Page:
@ 2014-02-12 – 20:19:08
@ 2013-01-07 – 20:28:06
No snow, no ice, but it was Christmas time anyway. We had a tight walk through the winterly vineyards and forest above Hemsbach/Bergstraße. All the walls and old grapevine with lots of moss & lichen on it. No spectacular species, only the common ones, but lovely, too! Later on and higher up in the hills mushrooms on fallen trunks as well as - to my surprise - wild cyclamen in the woods. Heavy clouds and some rain on Boxing Day, but we had our little workout and lots of hunger for the following delicious dinner.
Somme Grimmia pulvinata on wall
Cushions of Barbula convoluta I think
Grimmia together with Schistidium
Old grapevine gives home to lots of guests as moss & lichen
Now this is really nice, the same species in different color on the dry and the wet side
Always lots and lots of granite rocks
Ivy on Hypnum cupressiforme
Wild cyclamen near the path. Would love to come back again and catch them blooming!
With family on top of the hills and in animated conversation
Dark clouds and heavy skies before the rain
Wonder why he is screaming all the time ...
Looks like some ancient ritual place
I love little wells!
Wishing you all a healthy and beautiful new year with lots of nice moss findings!
@ 2012-04-16 – 21:57:01
Now that gets one of my favorite woods areas ever, because it is not far away from where I live and it gives home to a wide variety of species of moss and other plants. Here you see some impressions of my latest spring trip to the Swabian-Franconian Forest. I squeezed the last rest of capacity out of my camera akkus, but it reached not so very far. Half of the way I had to suffer from seeing and finding, but not being able to take pics any more. I hope I get smart and load the akkus better next time. I come back, I promise. Last but not least, the Iced Coffee in one of the Gelaterias in the pedestrian zone of the small town is the best finish of a walking-tour!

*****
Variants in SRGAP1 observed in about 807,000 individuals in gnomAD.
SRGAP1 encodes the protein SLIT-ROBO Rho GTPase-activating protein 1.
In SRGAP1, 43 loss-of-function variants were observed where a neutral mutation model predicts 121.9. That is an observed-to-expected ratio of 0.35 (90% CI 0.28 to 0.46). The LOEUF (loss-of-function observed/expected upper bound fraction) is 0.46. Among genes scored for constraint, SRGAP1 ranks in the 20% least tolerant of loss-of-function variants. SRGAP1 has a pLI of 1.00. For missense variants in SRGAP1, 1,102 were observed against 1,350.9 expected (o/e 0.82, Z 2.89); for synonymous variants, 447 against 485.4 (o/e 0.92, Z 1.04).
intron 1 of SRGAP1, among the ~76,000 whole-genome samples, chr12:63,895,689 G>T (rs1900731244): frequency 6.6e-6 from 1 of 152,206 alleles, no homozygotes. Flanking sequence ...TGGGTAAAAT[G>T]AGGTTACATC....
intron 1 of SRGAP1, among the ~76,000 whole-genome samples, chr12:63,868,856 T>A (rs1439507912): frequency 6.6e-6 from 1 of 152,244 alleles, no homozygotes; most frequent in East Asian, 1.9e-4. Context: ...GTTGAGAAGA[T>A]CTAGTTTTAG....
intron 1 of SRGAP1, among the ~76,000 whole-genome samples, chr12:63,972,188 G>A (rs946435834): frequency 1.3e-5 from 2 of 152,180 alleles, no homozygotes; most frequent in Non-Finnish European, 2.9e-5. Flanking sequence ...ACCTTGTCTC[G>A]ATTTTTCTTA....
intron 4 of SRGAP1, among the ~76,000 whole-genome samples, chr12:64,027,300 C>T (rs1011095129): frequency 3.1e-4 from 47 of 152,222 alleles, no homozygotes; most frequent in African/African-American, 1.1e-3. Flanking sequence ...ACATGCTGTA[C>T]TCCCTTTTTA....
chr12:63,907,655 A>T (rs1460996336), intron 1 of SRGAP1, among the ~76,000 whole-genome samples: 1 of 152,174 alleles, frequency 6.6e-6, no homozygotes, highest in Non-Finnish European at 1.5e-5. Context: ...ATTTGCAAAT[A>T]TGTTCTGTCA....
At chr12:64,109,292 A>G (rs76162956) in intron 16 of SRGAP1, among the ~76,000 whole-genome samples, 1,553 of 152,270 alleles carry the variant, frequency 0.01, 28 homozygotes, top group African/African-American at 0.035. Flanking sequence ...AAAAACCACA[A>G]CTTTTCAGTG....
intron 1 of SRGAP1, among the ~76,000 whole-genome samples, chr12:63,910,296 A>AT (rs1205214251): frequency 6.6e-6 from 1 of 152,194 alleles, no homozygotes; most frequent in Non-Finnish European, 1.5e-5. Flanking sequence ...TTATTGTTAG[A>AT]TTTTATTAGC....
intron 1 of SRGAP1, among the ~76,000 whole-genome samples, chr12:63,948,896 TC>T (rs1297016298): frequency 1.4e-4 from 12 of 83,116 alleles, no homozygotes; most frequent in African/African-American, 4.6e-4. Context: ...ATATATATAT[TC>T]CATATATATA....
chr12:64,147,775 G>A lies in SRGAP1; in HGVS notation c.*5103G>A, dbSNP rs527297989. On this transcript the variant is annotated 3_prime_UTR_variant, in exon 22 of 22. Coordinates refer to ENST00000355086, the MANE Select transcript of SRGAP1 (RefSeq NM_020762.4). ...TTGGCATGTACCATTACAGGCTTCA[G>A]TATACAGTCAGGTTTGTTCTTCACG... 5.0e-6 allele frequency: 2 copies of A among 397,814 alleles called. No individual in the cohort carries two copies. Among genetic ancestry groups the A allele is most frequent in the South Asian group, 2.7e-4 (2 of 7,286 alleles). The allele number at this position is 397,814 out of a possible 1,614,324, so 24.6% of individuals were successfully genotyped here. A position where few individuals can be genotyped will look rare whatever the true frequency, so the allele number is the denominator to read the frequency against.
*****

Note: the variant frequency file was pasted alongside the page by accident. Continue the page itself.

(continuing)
Vaccinium myrtillus flowering
Tortella tortuosa in dry stadium
The same species in wet conditions
A wood-damaging mushroom, Ustulina deusta
Probably Scapania nemorea
Römersee, a little lake
Instructive sign at Römersee
Spawning toads at Römersee
Not quite sure about that, according to the habitat in splashwater zone probably Rhynchostegium riparioides
The lovely Rhizomnium punctatum
Polytrichum formosum, a very common moss
Pertusaria amara, a lichen
Peltigera horizontalis, another lichen on rocks
Bottom side of Peltigera horizontalis
Masses of Neckera crispa in very large patches
Paradise for moss lovers!
Can anyone tell me what happened to the surface of that rock? Maybe we see little fossil caves?
Hmmm, that's where I do belong!
Metzgeria pubescens on bark
Metzgeria furcata on bark
Above & beneath Luzula sylvatica, a common grass
Dicranum scoparium fructifying
Ctenidium molluscum with ivy and Trentepohlia aurea
Asplenium trichomanes, a fern
Huperzia selago, a lycophyte or clubmoss
Little fairies' caves entrances everywhere ...
@ 2012-04-09 – 11:54:03
Yesterday on our way back from an Easter visit we had a stop at the "Felsenmeer" (sea of rocks) at Reichenbach, Odenwald. Cold, but sunny day, and lots of families climbed the rocks (tourists like us). Not so easy to take photos without having colorful spots of people on them ...
Dwell named after Siegfried, a hero of Nibelungen saga
Probably Dicranum scoparium
A lichen, maybe Lecidella, Lecidea or Porpidia
Looks like he's singing to the woods ;-)
A fern, probably Dryopteris
A Cladonia lichen
Youngsters of Fagus sylvatica
That's what happened to the homemade cake of my mother in law. We were supposed to take it home, but it didn't survive the first 20 kilometers of our way home ...
@ 2012-03-02 – 10:50:44
Yesterday only a very little walk in the surroundings. Although sun was out, birds singing like crazy and temperatures particularly high, not many signs of life and coming spring out there. Only a few late winter and early spring bloomers dared to put their heads out. But as always, you can depend on moss to give you a fresh green, lush look!
@ 2011-07-11 – 11:52:08
Back from 6 wonderful days in the Black Forest filled with nothing but hiking, eating and sleeping. Saw lots of moss, even species that were new for me and I never found before. Gorgeous countryside with most beautiful views of the landscape scenery. I absolutely love this area!